Gibraltar rejects US pressure; lets Iranian oil tanker set sail
The U.S. has unsealed a warrant to seize an Iranian oil tanker detained in Gibraltar.
An Iranian supertanker left Gibraltar late Sunday after the territory rejected a U.S. request to continue holding the ship in a detention on suspicion of attempting to breach global sanctions against Syria.
The tanker set sail late Sunday, according to a marine traffic monitoring site and Gibraltar news outlets. The Gibraltar government, in a statement, cited differences between the sanctions authorized by the United States and those of the European Union.
“The European sanctions regime against Iran, which is applicable in Gibraltar, is much narrower than that applicable in the U.S.,” said the statement from Gibraltar, a British territory.
Hamid Baeidinejad, Iran’s ambassador to the United Kingdom, said the ship could depart within hours after the rejection was announced. Tehran said it was ready to dispatch a fleet to escort the tanker if necessary.
“The era of hit and run is over,” said Iran’s navy commander, Rear Adm. Hossein Khanzadi.
The U.S. State Department did not immediately respond to a request from USA TODAY for comment.
The ship, containing more than 2 million gallons of Iranian light crude oil, was seized July 4 in a British Royal Navy operation off the coast of Gibraltar. The seizure aggravated fears of a conflict in the Persian Gulf, where Iran claims control of the Strait of Hormuz, a strategic waterway for oil shipments.
After Gibraltar’s detention of the Iranian tanker, then known as Grace 1, Iran seized the British-flagged oil tanker Stena Impero as it passed through the Strait of Hormuz. The Islamic Republic is still holding the British vessel, claiming it failed to stop after colliding with an Iranian fishing boat.
Iran has seized other foreign oil tankers in recent months – and downed a U.S. surveillance drone, raising the ire of President Donald Trump.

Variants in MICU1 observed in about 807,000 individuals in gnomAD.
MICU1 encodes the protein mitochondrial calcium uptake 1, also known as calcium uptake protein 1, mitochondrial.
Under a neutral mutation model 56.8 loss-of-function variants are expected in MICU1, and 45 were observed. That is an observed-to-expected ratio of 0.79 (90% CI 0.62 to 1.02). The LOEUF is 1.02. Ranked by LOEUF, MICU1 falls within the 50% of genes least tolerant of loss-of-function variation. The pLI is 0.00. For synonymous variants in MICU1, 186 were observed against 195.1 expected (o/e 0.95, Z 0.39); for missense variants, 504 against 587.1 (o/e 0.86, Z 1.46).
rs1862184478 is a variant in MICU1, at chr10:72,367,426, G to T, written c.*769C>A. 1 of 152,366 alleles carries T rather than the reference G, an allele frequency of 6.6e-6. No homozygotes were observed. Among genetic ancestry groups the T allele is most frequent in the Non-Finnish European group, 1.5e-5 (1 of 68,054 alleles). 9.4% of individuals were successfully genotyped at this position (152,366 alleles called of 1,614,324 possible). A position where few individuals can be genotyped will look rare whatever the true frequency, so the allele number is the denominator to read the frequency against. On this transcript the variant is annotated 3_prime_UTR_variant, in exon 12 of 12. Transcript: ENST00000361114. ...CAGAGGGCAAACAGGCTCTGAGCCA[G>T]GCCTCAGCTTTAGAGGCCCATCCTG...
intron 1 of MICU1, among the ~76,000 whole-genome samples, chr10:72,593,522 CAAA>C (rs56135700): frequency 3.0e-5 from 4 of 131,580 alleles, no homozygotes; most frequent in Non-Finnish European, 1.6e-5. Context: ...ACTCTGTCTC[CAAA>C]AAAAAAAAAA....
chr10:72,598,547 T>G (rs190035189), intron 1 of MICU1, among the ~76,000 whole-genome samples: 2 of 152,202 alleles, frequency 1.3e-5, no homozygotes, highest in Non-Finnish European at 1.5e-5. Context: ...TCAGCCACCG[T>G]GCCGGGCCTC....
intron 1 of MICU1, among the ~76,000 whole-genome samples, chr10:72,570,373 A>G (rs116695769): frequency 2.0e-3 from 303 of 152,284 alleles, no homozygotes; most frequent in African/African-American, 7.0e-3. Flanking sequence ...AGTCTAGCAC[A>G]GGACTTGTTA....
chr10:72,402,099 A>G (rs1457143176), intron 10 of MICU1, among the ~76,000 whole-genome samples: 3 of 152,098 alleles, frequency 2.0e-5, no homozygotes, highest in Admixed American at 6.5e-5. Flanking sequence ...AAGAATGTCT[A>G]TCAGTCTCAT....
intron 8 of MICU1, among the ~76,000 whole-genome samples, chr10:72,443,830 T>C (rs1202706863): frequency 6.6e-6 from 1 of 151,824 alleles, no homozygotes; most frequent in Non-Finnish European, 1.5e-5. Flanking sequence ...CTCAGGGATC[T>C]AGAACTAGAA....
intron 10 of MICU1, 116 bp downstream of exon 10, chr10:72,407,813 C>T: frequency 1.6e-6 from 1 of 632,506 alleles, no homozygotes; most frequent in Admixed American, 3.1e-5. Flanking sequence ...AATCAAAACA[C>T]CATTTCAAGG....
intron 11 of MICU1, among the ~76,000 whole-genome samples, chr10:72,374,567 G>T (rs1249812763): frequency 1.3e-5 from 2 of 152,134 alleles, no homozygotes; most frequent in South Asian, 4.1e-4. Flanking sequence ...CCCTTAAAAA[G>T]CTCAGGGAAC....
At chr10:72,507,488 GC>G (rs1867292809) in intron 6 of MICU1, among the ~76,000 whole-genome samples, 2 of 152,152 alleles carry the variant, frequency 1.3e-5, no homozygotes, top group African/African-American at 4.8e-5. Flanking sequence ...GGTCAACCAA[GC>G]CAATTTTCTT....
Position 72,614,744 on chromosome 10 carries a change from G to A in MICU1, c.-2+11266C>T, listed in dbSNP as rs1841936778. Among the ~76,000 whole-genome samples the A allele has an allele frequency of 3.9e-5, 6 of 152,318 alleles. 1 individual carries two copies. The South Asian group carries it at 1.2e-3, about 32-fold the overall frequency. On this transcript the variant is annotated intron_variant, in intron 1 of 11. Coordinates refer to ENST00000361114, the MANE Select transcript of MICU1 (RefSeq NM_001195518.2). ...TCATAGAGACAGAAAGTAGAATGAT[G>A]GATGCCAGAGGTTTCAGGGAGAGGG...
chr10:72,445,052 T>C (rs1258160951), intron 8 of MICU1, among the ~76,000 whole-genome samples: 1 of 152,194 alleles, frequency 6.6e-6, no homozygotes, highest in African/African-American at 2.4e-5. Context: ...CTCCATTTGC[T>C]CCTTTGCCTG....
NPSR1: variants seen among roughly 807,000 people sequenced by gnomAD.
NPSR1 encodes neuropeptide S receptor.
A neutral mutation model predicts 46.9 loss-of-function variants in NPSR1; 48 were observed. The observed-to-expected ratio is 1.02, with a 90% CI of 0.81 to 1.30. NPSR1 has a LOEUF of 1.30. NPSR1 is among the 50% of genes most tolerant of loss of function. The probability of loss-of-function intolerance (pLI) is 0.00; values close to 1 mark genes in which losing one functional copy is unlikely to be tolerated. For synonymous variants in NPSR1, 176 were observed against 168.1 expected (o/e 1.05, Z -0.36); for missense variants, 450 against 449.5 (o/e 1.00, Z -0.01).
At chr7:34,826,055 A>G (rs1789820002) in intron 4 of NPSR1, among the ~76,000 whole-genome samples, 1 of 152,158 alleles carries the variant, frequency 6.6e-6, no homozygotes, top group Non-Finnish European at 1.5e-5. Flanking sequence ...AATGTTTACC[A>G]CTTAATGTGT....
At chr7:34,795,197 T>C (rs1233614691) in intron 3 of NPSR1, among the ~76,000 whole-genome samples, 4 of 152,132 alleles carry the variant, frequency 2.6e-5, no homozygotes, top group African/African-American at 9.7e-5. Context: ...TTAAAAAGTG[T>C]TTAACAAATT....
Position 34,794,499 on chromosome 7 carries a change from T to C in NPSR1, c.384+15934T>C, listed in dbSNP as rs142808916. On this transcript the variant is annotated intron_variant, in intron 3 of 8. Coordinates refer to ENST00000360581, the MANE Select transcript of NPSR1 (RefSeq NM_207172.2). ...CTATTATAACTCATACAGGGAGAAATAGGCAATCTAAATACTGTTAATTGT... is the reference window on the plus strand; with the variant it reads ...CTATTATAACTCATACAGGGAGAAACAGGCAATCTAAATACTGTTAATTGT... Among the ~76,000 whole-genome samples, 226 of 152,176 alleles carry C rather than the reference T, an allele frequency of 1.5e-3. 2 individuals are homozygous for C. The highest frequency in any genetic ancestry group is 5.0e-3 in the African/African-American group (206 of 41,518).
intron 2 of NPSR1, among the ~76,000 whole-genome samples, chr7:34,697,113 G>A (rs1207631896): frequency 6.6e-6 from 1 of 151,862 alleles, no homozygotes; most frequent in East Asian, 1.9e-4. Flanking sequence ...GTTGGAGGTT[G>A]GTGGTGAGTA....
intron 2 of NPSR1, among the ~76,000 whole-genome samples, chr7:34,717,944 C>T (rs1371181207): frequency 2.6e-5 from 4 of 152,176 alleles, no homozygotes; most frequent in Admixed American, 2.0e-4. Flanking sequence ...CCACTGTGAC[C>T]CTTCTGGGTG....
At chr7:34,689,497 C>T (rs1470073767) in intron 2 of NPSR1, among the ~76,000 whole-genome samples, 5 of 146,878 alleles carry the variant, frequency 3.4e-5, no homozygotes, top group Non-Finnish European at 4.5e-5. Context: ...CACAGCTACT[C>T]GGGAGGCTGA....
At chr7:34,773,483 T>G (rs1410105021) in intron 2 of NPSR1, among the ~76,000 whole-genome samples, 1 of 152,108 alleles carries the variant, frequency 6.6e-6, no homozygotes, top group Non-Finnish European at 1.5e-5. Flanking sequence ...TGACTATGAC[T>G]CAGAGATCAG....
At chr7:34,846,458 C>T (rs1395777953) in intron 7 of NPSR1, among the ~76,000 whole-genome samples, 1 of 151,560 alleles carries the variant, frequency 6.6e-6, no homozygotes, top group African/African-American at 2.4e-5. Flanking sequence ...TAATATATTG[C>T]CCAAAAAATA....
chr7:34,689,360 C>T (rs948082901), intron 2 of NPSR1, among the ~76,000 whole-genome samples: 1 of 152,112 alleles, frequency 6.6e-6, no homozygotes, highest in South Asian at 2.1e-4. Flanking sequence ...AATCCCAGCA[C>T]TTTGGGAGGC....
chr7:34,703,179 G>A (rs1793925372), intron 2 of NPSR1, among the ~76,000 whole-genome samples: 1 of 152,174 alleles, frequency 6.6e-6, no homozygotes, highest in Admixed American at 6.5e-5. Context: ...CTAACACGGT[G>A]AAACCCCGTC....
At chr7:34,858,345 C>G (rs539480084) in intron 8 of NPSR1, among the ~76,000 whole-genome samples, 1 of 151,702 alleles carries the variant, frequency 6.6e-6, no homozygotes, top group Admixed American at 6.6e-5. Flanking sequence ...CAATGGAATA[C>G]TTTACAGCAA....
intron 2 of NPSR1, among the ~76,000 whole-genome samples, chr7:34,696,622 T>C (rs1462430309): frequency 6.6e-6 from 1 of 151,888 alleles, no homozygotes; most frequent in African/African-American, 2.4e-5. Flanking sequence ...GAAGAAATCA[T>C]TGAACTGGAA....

Iran denies the Grace 1 was headed to Syria and accused the British of “maritime piracy.” A court in Gibraltar ordered the tanker released Thursday, setting off a flurry of diplomatic and legal efforts to keep the ship from leaving.
On Friday, the U.S. Justice Department issued a warrant to seize the tanker for forfeiture, claiming the Iranians illegally used the U.S. banking system to finance the shipment of oil to Syria.
Secretary of State Mike Pompeo also warned mariners against signing on to ships linked to the Islamic Revolutionary Guard Corps or others under U.S. sanctions.
“The maritime community should be aware that the U.S. government intends to revoke visas held by members of such crews,” Pompeo said.
The Gibraltar government noted that the Revolutionary Guard is not a designated foreign terrorist organization in Gibraltar, the U.K. or in most of the EU generally, unlike in the U.S.
The weeks-long diplomatic dispute between Tehran and Washington comes amid a standoff between the two countries after Trump withdrew from an international nuclear accord with Tehran and reimposed sanctions.
Tensions in the Persian Gulf have been on the rise since. Some European leaders have been unwilling to follow the U.S. lead in attempting to isolate the Persian nation.
Contributing: Kim Hjelmgaard and Kristin Lam, USA TODAY; The Associated Press
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